In late 1964 everything changed. The Beatles went on tour in the USA with a full complement of AC80/100s; Jennings Musical Industries won an order for a substantial amount of equipment from The Thomas Organ Co., based in Sepulveda, California.



From "Beat Instrumental" magazine no. 18, October 1964. The "Million Dollar" contract, signed at the British Music Trade Fair in late August while the Beatles were touring.



It was probably not long after the signing of this deal that Vox made plans to move production of the AC80/100 from Westrex in West London, to the Burndept factory at Erith, where AC30s were already in production.


Above, the facility on West Street, Erith owned by Burndept Electronics and shared with Vox.



Westrex, which made the AC80/100 throughout 1964, was evidently not geared up for volume manufacturing.


However, the Burndept factory seems to have taken some time to get going. AC80/100s only started rolling off its line in appreciable numbers in March 1965.



Piece on Tom Jennings from "Beat Instrumental no. 19, November 1964.


"We first supplied The Beatles with Vox equipment three years ago and we are still doing so. When they went to America for the first time they did a show at the famous Hollywood Bowl and found that their 50 watt amps just couldn't pierce the screams of the audience, so, they asked us to produce something even more powerful. The results are their present 100 watt monsters."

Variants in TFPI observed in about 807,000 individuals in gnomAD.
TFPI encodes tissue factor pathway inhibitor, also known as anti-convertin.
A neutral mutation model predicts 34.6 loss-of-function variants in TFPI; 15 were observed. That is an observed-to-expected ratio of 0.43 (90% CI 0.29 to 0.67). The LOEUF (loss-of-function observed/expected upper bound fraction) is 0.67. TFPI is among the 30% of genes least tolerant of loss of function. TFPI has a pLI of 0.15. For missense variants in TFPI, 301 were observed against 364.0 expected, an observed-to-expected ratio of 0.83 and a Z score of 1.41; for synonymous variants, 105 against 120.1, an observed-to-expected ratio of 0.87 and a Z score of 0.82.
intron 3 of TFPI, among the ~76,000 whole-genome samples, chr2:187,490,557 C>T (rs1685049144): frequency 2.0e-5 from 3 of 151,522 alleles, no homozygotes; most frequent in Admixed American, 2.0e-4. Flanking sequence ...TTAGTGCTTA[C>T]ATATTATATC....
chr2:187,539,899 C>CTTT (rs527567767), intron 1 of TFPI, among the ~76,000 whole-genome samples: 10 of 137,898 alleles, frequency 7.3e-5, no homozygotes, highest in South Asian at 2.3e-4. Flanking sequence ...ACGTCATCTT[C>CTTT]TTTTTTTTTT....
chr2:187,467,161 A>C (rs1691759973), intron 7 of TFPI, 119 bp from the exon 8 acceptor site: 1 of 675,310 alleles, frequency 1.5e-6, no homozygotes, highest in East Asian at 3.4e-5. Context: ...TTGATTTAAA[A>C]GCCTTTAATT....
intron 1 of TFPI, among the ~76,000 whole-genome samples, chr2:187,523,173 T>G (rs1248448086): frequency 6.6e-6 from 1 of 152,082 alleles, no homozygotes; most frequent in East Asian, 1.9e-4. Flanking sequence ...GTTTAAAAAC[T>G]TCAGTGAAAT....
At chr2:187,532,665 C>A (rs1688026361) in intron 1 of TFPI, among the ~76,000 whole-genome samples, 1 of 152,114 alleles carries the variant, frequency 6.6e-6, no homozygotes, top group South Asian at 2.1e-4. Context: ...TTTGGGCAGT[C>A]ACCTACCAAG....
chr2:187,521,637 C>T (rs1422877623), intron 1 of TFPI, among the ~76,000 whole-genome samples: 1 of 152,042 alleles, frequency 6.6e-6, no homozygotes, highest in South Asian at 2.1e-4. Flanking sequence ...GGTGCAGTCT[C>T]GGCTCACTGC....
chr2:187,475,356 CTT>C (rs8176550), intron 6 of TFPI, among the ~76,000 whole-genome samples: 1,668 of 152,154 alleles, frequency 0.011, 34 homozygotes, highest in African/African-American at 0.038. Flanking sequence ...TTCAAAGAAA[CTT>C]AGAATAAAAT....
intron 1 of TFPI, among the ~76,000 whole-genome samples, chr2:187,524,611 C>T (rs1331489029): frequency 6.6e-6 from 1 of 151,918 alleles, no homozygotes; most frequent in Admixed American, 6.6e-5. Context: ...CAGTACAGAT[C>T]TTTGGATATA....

"The Beatles' tours of the States created a terrific demand for our equipment and led to our contract with the Thomas Organ Company to supply them with five million dollars worth each year."


In relation to The Beatles in the USA, Jennings presumably meant 50 watt amps at the Washington Coliseum, not the Hollywood Bowl. "Five million dollars worth each year" probably encompasses a degree of hyperbole.




But strange to say, in early 1965 there was a definite "famine" of AC80/100s. Very few bands are seen with them. There was certainly a promotional set of amps on hand at the BBC (British Broadcasting Co.) for use on "Top of the Pops" and similar shows, but apparently very little in the shops, or available for export


Above the Kinks playing on "Top of the Pops" in November 1964. The same set of amps was also used by the Yardbirds in December.



At the NME Pollwinner's concert in April 1965, only Paul McCartney had an AC80/100 (his first amp, reboxed). Everyone else used AC50s.



The earliest dateable pictures to have come to light so far of US bands with AC80/100s are those of the Byrds and Paul Revere and the Raiders at the CBS promotional show in July of that year.


The Byrds live on stage at a CBS Sales Conference on 5th July 1965, shortly after "Tambourine Man" went to number one in the U.S. All three guitarists are plugged in. The AC100s must, at this date, be cathode biased (AC80/100s). This is the earliest dateable picture that has come to light so far of an American band using, on stage in the USA, AC100 SDLs that did not belong to the Beatles or any other English band.


For a pic of the Raiders on that day see this VoxShowroom page (though the amps are not AC100 Mark 2s as implied there). At a concert in Phoenix in 1965, date unknown, the Byrds had just the AC50 and two Foundation cabs - see this page.